Pacific pink salmon are usually easily distinguished from Atlantic salmon, particularly when mature and in spawning condition.

·      If you are confident that you have caught a Pacific pink salmon, the fish should be humanely dispatched. Please report the capture as soon as possible to NRW on 0300 065 3000  (24 hours day) as this will enable the fish to be formally logged.

·      If you are not confident that you have caught a pink salmon, the fish should be released back to the river alive where it was captured, preferably having been photographed and later reported to NRW. This is to ensure that no Atlantic salmon are retained in error.

·      If you have found a fresh, dead pink salmon, please retain the fish is possible and report this to the Incident Hotline 0300 065 3000 (24 hours day)

Please consider distributing the briefing to your own fisheries contacts in Wales

Rivercide! Chris White's commentary

Chris White

Richard,

I am sending this to you as can you please pass this on as I don’t have the email address for the person who now looks after the Conwy.

I am not sure if you saw the telecast by George Mobiot the other night if not this is now on YouTube (RIVERCIDE with George Monbiot & Charlotte Church – YouTube) this video is 1 hour long (you can skip the end as it is just Charlotte Church singing!).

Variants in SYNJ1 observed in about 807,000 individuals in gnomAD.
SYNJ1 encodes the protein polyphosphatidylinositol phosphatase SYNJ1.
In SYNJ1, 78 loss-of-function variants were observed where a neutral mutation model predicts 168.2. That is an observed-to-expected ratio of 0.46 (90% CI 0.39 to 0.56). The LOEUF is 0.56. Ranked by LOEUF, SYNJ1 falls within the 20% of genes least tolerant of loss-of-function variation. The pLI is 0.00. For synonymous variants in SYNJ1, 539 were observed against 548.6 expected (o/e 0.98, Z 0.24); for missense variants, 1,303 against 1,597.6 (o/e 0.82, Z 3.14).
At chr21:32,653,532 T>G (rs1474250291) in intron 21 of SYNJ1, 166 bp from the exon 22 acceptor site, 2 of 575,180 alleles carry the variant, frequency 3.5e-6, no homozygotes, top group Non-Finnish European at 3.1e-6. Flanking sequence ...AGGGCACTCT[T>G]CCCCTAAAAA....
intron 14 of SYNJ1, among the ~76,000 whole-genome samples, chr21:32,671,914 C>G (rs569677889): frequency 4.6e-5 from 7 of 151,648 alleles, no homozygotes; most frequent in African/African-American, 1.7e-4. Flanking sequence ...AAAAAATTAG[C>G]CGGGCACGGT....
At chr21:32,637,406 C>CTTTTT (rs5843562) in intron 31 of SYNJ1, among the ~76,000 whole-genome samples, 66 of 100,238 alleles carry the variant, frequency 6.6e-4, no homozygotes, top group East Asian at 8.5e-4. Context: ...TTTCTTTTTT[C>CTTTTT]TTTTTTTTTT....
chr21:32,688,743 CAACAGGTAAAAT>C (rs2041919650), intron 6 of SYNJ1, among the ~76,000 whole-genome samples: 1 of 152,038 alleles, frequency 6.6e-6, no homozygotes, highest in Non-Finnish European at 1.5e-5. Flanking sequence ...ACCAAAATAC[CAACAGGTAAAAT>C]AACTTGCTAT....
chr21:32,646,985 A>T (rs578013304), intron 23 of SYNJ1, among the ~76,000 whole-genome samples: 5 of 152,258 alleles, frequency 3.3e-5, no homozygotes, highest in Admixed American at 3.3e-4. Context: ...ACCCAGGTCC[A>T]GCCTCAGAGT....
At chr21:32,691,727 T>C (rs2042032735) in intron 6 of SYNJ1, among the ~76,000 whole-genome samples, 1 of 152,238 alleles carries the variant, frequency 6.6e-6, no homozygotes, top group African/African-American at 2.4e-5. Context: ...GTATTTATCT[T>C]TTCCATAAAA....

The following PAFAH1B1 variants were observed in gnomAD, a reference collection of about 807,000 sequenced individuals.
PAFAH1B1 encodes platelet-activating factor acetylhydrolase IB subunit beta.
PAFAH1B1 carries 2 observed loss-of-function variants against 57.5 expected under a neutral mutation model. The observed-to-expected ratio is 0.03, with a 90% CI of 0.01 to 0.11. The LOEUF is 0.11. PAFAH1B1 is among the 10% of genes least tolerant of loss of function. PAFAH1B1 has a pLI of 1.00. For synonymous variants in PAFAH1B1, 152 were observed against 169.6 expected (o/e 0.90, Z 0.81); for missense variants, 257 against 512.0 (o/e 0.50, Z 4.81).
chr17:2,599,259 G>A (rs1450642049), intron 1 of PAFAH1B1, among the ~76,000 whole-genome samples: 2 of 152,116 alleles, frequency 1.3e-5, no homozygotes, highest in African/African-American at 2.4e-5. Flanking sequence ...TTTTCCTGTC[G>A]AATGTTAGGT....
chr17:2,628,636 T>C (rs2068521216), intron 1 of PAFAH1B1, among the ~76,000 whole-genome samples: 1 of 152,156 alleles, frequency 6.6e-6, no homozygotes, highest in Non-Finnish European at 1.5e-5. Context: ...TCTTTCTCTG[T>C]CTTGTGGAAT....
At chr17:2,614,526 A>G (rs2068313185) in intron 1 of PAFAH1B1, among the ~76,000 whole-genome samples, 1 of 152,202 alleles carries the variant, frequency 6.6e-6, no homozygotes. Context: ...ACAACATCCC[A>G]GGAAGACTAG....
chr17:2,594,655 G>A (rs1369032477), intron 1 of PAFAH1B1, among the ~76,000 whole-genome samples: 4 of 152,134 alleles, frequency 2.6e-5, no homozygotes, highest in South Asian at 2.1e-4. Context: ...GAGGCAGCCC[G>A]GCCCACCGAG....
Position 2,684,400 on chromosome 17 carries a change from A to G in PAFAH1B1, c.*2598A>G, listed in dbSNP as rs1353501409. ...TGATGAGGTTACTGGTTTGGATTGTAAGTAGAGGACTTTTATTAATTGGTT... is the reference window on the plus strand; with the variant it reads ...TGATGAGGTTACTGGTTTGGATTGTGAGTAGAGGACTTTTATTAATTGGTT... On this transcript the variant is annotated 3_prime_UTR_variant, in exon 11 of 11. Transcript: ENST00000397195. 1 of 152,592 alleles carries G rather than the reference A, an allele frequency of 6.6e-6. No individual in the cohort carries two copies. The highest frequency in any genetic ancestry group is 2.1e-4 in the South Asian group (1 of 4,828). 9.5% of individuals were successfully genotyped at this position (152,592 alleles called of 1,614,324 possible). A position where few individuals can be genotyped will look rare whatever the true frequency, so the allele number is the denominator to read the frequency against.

The video focuses on the pollution on the Wye, the potential causes of this pollution and the lack of action in controlling the sources of the pollution.  Lesley Griffiths was interviewed but the head of the EA did not respond. 

Whilst the focus was on the Wye it is applicable to all of our rivers.  I raise this as from what Rich White said the Conwy below Betws is Brown which probably indicates high levels of phosphate resulting in an explosion of diatoms.  The sewage treatment plant in Betws is known to release raw and treated sewage into the Llugwy and despite the promise from Welsh Water that they would sort this out it is still happening.  If you remember I also expressed concerns about the Chicken farm at Fron Bella and the spreading of the chicken manure on land above the Afon Nugg, there are also dairy farms on the upper Conwy and overgrazing of sheep to contend with.  The recent heavy rain may well have washed the manure into the feeder streams on the upper Conwy catchment. I doubt that there is anything we can do now as the stable door was left open a long time ago allowing this type of pollution to occur and we now probably just have to watch as the Conwy slowly goes into decline.  It would be interesting if NRW could carryout regular monitoring of phosphate levels in the river or more likely we will have to buy our own monitoring equipment and supply NRW with our findings.  It would be nice to think that NRW will be proactive but I doubt this will happen, as I pointed out at the Byelaw Inquiry it is not the anglers catching fish which is the problem it is the survival from egg to smolts which is the issue I.e. the mortality of fry and parr due to pollution resulting in fewer smolts going to sea.  Sadly despite the work the Trust carries out the source of the pollution is not being effectively addressed, Lesley Griffiths explained that she had introduced legislation but this is too little too late and wont be fully implemented for three years.

Chris